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Home-buying Costs

Costs involved in buying a house

As well as your monthly mortgage payments, there are other costs associated with buying a home, such as land tax and costs for a solicitor. Our checklist is a starting point for some of the other things you might need to pay for.

7 home-buying costs to consider...

  1. 1

    Valuation fee


    When you apply for a mortgage, your mortgage lender will complete a valuation of the property. This helps them decide if the property is a suitable security for the mortgage you’ve applied for.

    The cost varies according to the lender and property size & value, but it's worth budgeting between £250-£1,5001. These fees are sometimes waived as part of a mortgage deal or promotion.

  2. 2

    Survey Costs


    A mortgage valuation is a relatively basic evaluation. Various other assessments can be completed to provide more detailed insight.

    These are generally optional, but could be a great way to get piece of mind and can provide insight into potential problem areas that may need to be addressed.

    Additional surveys can range from a few hundred pounds, to multiple thousands for extensive reports on a large property.

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    Learn more about surveys

    It's a good idea to consider different survey options, as they can provide invaluable information about the property you're considering.
  3. 3

    Solicitor costs


    A solicitor or conveyancer will carry out the legal work when buying and selling your home. Legal fees normally range from £850 to £1,5002 depending on the type & location of the property, and the complexity of the transaction.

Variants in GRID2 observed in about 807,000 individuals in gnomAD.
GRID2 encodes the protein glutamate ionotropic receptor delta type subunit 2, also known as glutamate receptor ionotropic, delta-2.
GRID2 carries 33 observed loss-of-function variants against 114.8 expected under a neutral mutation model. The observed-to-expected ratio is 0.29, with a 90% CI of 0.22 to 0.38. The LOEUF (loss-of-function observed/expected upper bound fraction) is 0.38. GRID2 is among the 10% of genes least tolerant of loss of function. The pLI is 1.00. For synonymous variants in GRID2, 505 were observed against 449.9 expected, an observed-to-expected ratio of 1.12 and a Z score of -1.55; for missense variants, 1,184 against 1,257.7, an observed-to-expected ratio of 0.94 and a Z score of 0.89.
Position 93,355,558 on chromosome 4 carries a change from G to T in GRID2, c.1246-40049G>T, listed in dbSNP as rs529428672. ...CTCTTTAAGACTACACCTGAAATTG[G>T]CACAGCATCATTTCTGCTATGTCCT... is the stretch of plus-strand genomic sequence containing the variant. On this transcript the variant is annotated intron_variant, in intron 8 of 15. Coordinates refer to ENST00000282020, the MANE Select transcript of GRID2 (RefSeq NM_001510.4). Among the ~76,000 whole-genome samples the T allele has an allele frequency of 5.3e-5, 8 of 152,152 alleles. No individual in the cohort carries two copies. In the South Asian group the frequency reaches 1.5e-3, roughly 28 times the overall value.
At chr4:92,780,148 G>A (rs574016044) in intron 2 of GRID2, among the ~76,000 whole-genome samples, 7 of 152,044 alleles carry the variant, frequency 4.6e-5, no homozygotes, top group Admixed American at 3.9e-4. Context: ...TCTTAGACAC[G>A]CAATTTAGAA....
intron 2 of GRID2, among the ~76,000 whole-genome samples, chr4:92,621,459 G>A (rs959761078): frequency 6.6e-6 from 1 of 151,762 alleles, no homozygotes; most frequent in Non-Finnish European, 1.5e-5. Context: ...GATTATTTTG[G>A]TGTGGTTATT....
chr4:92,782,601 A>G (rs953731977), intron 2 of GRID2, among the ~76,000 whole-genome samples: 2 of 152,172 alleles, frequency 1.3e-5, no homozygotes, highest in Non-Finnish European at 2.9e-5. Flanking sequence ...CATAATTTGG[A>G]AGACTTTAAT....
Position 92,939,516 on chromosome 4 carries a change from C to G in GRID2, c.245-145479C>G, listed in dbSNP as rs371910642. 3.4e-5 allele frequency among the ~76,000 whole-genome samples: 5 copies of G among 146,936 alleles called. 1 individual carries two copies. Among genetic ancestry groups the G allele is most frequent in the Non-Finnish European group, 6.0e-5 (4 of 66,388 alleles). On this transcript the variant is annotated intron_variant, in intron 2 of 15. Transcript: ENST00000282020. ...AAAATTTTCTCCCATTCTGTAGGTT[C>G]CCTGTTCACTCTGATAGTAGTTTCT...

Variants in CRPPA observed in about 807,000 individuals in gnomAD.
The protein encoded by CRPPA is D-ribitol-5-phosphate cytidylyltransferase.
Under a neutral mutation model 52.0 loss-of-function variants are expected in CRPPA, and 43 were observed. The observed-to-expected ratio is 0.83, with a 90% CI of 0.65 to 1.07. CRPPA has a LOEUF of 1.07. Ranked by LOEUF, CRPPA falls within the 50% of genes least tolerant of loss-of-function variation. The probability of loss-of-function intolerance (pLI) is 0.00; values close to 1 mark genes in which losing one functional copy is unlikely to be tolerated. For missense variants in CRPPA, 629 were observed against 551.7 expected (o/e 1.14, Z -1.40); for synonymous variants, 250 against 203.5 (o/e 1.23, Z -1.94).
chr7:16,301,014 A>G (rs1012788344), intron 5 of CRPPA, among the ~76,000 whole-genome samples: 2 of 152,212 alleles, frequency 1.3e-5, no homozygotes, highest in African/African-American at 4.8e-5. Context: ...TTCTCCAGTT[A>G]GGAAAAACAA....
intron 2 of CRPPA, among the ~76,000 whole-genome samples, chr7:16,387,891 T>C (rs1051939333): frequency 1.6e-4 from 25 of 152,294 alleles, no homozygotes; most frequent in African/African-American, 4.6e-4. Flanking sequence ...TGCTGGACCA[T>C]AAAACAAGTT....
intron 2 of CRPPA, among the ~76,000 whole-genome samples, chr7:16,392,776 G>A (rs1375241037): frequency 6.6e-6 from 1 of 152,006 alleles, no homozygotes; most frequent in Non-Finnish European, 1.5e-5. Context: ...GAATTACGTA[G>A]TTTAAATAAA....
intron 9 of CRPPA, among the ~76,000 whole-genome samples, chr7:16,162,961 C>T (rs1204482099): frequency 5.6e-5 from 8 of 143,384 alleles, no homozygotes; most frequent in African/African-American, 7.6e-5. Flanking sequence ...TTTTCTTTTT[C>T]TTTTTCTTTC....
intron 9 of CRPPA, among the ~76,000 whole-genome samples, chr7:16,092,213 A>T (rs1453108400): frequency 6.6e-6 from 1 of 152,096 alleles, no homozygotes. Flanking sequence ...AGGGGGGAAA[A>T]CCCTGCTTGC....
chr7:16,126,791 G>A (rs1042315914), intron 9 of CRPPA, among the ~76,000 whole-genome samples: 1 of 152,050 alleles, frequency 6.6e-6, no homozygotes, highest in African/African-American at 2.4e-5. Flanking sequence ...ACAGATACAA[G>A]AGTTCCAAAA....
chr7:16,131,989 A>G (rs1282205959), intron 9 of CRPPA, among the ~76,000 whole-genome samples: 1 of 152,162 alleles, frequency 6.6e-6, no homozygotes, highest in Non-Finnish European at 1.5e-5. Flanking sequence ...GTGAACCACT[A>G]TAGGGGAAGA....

Your solicitor will probably incur additional costs for you to cover, such as money transfer fees, land registry fees and fees for necessary searches. This detail should be covered in a quote from a solicitor, so don't be afraid to shop around or seek recommendations from friends or family, if you think you could get a better deal.

  4. 4

    Home insurance


    Home insurance helps protect your home and belongings. It can cover repair or rebuild costs for damage from something like a fire, storm or flood. It can also cover the cost of replacing the things in your home if they're stolen, or repairing or replacing them if they're damaged.

    While home insurance isn't mandatory for homeowners, some mortgage lenders may stipulate it as a requirement for a mortgage agreement.

    Home (buildings) insurance on average costs around £11 a month3 in the UK, but will cost more for more features and with more expensive property, or if you want to add coverage for your contents.

    Insuring your home

    You may want to protect your new home and your belongings. NatWest offers insurance for inside and outside your home, which is underwritten by UK Insurance Ltd.
  5. 5

    Paying Stamp Duty or other land taxes


    Depending on the property you're buying, you may have to pay Stamp Duty in England or Northern Ireland, or other land taxes in different areas of the UK.

    Many first time buyers are excluded from paying Stamp Duty.

    You can find out more about stamp duty and how much you might need to pay

  6. 6

    Moving costs


    Hiring a company to move your belongings usually costs between £300 and £6004, depending on the size of the property and if you want them to pack and/or unpack for you too.   

    You could save money by hiring a van and doing it yourself. Just arm yourself with boxes, tape, marker pens and some strong friends.

  7. 7

    Leasehold property fees


    If you're buying a leasehold property, you may need to pay a service charge and ground rent (sometimes called factoring and ground annual costs in Scotland). These are paid to the freeholder of the property, who owns the land.

    The average service charge is estimated to be around £1,900 a year5, but figures can vary significantly depending on the property and location. This is usually paid in monthly instalments.

    It is also important to understand the remaining term on a lease. When a lease expires, a leaseholder will need to negotiate a new term with the freeholder, which can be a very costly.

You could buy your new home with just a 5% deposit